Total Amount Distributed: $5,300.00
Kids in Nature (KIN) was developed to promote the aspirations and academic achievement of students in low performing schools and to address three major environmental issues: (1) An absence of environmental science education at underserved schools where teachers don’t have sufficient time, resources, and training; (2) Equity and under-representation of young girls and racial, language-minority, and low-income students in the environmental sciences; and (3) “Plant blindness,” a term that was introduced by Wandersee and Schussler in 1999 to describe “the inability to see or notice the plants in one’s own environment, leading to the inability to recognize the importance of plants in the biosphere and in human affairs.”
For additional information, please visit http://ccber.ucsb.edu/education/kin/
Total Amount Distributed: $3,000.00
Reef Check California (RCCA) is a community-based monitoring program dedicated to conserving California’s rocky reef ecosystem. At UCSB, RCCA trains students in reef monitoring protocols. Students then participate in RCCA’s bi-annual surveys along the Santa Barbara coast and Channel Islands. The students’ data are used by the MPA Monitoring Enterprise to inform the baseline monitoring of marine protected areas in southern California, by the Department of Fish and Game and by leading marine scientists. Costal Fund funds will support staff, training and surveys, providing UCSB with increased opportunities for immersion learning, field experience, and active engagement in marine management processes in California.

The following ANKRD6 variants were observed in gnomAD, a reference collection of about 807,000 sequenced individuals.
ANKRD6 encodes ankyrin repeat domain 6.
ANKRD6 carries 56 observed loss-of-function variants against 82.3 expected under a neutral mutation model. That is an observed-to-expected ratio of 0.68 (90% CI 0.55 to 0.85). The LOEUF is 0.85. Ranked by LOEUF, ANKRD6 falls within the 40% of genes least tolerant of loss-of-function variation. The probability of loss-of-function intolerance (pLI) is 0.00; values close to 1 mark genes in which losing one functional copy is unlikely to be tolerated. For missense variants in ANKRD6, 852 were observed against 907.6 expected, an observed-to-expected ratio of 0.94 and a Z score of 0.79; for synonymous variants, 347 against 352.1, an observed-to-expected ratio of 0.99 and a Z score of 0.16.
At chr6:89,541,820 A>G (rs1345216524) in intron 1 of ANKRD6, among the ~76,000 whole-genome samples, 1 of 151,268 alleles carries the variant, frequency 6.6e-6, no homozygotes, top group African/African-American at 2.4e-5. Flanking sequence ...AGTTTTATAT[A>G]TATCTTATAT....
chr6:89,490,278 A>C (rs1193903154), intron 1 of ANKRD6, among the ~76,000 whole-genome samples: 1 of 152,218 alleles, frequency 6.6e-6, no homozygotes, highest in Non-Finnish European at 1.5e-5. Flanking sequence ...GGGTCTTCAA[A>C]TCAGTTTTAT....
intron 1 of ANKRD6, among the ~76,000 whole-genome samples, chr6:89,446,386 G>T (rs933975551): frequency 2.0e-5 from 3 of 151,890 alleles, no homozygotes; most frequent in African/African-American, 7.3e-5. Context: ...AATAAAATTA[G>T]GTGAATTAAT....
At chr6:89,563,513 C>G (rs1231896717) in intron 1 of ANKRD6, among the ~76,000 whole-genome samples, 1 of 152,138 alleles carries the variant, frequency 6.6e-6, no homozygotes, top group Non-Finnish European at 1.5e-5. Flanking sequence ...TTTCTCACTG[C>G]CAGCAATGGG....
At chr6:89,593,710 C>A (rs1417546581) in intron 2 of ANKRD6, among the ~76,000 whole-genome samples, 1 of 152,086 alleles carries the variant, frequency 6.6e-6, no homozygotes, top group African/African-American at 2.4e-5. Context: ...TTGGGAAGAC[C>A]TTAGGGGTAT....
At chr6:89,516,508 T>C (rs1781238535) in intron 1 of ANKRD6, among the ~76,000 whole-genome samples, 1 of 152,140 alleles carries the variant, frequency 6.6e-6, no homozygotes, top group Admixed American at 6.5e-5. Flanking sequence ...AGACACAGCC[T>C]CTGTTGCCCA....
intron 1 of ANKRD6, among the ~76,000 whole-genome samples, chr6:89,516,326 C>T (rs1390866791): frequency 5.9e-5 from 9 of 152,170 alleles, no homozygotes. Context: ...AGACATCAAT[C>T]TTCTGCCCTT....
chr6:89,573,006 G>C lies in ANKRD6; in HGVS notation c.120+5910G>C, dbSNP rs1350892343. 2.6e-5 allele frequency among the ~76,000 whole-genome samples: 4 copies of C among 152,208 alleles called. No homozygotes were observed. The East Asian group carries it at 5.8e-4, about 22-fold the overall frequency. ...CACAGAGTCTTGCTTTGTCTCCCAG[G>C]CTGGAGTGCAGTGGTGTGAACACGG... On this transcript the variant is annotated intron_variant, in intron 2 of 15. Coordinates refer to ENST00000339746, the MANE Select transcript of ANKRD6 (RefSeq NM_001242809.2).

For additional information, please visit http://www.reefcheck.org/
Total Amount Distributed: $13,000.00
The Santa Barbara Channel accommodates a National Marine Sanctuary, shipping lanes with 6,000+ crossings each year, 20 oil platforms, recreational and commercial boating, fishing and trapping, the largest seasonal congregation of blue whales on earth, marine research and more. Coastal Marine Spatial Planning (CMSP) creates “zoning” for the ocean, separating incompatible uses and designating appropriate locations for marine-based human activities. This project will bring together stakeholders to “scope” a potential Coastal Marine Spatial Planning (CMSP) pilot project for the Santa Barbara Channel through a full day workshop coordinated by a UCSB intern and will support the work of EDC to cooperatively develop CMSP for our local area. This project has the potential to be far-reaching and influence the spatial planning of marine areas nationwide.
For additional information, please visit http://www.edcnet.org/index.html
Total Amount Distributed: $2,000.00
Goleta Valley Beautiful, in conjunction with Devereux, subleases a greenhouse on University grounds near Coal Oil Point. With the assistance of Developmentally Disabled clients and UCSB student interns and volunteers, GVB is growing 2,000 native trees and planting an average of 500 trees annually in public areas of the Goleta Valley including the UCSB campus that will protect and enhance watersheds leading to the ocean. This grant continues their organic operations to accommodate interns interested in learning about arboriculture and greenhouse operations in addition to providing trees for volunteer planting projects.